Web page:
According to an opinion from the U.S. Court of Appeals for the Eighth Circuit, lenders should be mindful of the information they convey to current and former distressed clients, as well as to third parties that may deal with those distressed entities.
In Dahlgren v. First National Bank of Holdrege, 14 cattle investors and corn producers that were fattening cattle and storing grain at a feedlot owned and controlled by the Damrow Cattle Company (“DCC”) filed suit against DCC’s bank, First National Bank of Holdredge (the “Bank”). 533 F.3d 681 (8th Cir. 2008). The plaintiffs alleged violations of the Racketeering Influenced and Corrupt Organizations Act (“RICO”), as well as fraudulent and negligent misrepresentation claims under state law.
The plaintiffs claimed that the Bank misled the plaintiffs into continuing to do business with DCC by concealing DCC’s financial weakness to protect the Bank’s interests as a creditor of DCC. Following a jury trial, judgment was entered against the Bank on all counts and the Bank appealed.
In reversing the district court’s ruling on the RICO claims, the Eighth Circuit found no RICO claim could stand where plaintiffs had failed to demonstrate that “the Bank exercised some degree of control over the operation or management of DCC’s affairs.” Id. at 690. Although the court noted that “[w}hile it is certainly true that a major creditor of a corporation can have substantial persuasive power and some legal authority over a [borrowing customer’s] management, alone, such power is not equivalent to having the power to conduct or participate directly or indirectly in the conduct in the affairs of those corporations.” Id., citing Dongelewicz v. PNC Bank Nat’l Ass’n, 104 Fed App. 811, 817-18 (3rd Cir. 2004).
Because (a) direct participation or conduct in a corporation’s affairs is a necessary predicate to a RICO claim, and (b) the court was unaware of any case in which a bank or financial services company was held to have conducted the affairs of a RICO enterprise that was an unrelated customer of the bank, the court held the plaintiffs had failed to demonstrate that the Bank directed the operations or management of DCC. As such, the judgment in favor of plaintiffs on the RICO claims was reversed.
The Bank, however, did not fare as well against the plaintiffs’ state law claims. Applying Nebraska law, the Eighth Circuit considered plaintiffs’ allegations that the Bank had made fraudulent or negligent misrepresentations, and had fraudulently concealed certain known material facts in its communications with the plaintiffs. Because each plaintiff’s claims centered on different facts, the court examined each plaintiff’s circumstances individually.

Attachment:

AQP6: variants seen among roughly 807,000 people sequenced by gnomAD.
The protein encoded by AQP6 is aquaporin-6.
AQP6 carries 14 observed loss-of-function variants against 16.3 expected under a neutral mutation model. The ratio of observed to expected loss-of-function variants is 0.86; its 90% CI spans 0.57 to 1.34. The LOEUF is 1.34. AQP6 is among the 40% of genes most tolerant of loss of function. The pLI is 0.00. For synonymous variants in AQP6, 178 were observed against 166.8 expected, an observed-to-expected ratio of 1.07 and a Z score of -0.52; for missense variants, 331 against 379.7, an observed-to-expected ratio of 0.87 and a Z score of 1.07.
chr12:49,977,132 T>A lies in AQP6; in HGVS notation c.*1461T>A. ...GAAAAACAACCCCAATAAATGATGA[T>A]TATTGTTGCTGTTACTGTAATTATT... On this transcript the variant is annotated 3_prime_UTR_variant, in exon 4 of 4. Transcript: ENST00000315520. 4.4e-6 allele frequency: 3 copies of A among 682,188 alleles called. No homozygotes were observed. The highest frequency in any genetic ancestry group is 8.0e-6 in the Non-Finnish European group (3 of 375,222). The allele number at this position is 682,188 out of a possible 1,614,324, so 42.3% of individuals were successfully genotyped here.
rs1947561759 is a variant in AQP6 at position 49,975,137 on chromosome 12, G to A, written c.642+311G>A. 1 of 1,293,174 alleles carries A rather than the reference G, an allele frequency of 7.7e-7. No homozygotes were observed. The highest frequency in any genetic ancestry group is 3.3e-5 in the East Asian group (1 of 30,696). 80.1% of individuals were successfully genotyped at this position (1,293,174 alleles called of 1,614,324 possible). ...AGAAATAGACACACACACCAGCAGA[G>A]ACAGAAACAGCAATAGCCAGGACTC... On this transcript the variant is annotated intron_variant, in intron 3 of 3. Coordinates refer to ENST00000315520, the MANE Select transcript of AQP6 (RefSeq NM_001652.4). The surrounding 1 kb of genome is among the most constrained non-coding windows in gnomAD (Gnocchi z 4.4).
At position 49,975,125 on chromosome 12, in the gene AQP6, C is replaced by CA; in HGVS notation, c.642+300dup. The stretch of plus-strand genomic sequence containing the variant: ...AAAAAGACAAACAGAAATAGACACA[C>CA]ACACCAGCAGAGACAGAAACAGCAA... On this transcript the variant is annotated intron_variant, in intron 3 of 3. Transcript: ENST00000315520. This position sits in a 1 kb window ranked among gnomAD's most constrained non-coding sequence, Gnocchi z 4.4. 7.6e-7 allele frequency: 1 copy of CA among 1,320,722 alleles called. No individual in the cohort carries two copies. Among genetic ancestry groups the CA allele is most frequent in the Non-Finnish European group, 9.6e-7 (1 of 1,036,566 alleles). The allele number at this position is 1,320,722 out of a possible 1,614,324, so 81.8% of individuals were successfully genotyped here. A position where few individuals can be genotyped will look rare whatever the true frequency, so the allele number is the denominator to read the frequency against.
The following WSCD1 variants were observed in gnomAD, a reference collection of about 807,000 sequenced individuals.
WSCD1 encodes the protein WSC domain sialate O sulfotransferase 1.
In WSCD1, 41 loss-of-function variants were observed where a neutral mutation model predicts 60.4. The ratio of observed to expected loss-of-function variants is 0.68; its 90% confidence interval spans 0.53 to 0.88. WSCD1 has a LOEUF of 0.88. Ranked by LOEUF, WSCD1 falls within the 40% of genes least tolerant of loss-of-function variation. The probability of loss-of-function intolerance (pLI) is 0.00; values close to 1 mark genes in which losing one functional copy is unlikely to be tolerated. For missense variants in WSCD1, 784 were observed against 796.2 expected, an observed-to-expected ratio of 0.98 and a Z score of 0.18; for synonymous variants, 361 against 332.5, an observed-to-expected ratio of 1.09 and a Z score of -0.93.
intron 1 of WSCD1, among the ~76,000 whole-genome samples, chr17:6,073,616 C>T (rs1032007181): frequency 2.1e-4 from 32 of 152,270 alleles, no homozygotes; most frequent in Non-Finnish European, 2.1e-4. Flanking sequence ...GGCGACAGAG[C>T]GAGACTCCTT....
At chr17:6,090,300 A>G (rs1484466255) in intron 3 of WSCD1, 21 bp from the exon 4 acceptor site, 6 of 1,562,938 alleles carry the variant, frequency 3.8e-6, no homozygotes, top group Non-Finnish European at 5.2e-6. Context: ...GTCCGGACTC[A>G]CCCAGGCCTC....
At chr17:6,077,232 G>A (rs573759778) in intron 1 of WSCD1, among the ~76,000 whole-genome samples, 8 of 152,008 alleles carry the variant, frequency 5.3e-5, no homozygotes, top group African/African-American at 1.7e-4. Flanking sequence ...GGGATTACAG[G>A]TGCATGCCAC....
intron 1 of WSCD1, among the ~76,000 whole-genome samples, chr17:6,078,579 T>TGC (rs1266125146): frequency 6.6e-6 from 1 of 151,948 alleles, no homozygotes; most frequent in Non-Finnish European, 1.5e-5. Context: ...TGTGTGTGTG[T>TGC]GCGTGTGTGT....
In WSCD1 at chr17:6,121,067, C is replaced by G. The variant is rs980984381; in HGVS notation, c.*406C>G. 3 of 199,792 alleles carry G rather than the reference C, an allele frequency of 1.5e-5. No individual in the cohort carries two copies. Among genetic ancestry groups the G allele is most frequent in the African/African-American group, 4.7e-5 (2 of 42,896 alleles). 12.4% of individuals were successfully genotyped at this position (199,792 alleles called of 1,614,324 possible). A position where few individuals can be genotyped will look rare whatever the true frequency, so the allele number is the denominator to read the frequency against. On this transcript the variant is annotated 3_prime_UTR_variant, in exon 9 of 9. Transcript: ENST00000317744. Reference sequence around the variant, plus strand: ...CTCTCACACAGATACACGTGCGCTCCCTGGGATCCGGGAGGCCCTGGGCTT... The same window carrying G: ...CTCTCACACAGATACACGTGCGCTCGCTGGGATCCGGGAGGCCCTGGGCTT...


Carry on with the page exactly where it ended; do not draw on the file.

Although the facts applicable to the plaintiffs varied somewhat, the Eighth Circuit generally found the Bank liable in situations in which a plaintiff specifically asked Bank officers or employees about DCC’s financial viability, and where the Bank’s agents, despite having ample evidence to the contrary, replied that “everything [was] fine” or that DCC was “okay.” If a plaintiff reasonably relied on these statements and suffered damages as a result, the court held that the plaintiff could recover its damages from the Bank. In sum, the Eighth Circuit affirmed awards in excess of $350,000 against the Bank and in favor of certain of the plaintiffs.
The appeals court, however, also overturned certain awards granted by the jury to plaintiffs on their state law claims. Again, although the facts of each plaintiff’s circumstances were unique, general principles regarding liability emerged. The Eighth Circuit denied recovery to plaintiffs when: (a) they could allege only that the Bank’s agents made statements of present intent about actions they intended to take or statements of personal opinion; (b) the statements made by the Bank’s agents were too remote in time to plaintiff’s much later, loss-inducing transactions for plaintiff’s reliance thereupon to be reasonable, and/or (c) the representations made to plaintiffs were not made with the intent of providing business guidance to the plaintiffs and/or with the intent that plaintiffs would rely on the same.
In these circumstances, the court held the statements made by the Bank did not constitute a tort under Nebraska law.
In short, the Bank’s success on appeal resulted in significantly diminished liabilities with respect to the RICO claims and certain of the state law claims. Even so, the Eighth Circuit’s award in excess of $350,000 as a result of the remaining state law claims easily could have been avoided had the Bank cautioned its employees and agents to avoid making statements and representations to third parties, and/or other customers, regarding the financial viability of a customer or client.
As explained in the Dahlgren case, these statements can expose an institution to financial liability in the event that a third party relies on such statements and suffers damages as a result. Institutions generally should caution their employees and agents from making statements as to the financial viability or fitness of other entities, especially when those employees have reason to believe that the third parties may rely on such statements or may construe the statements as business guidance.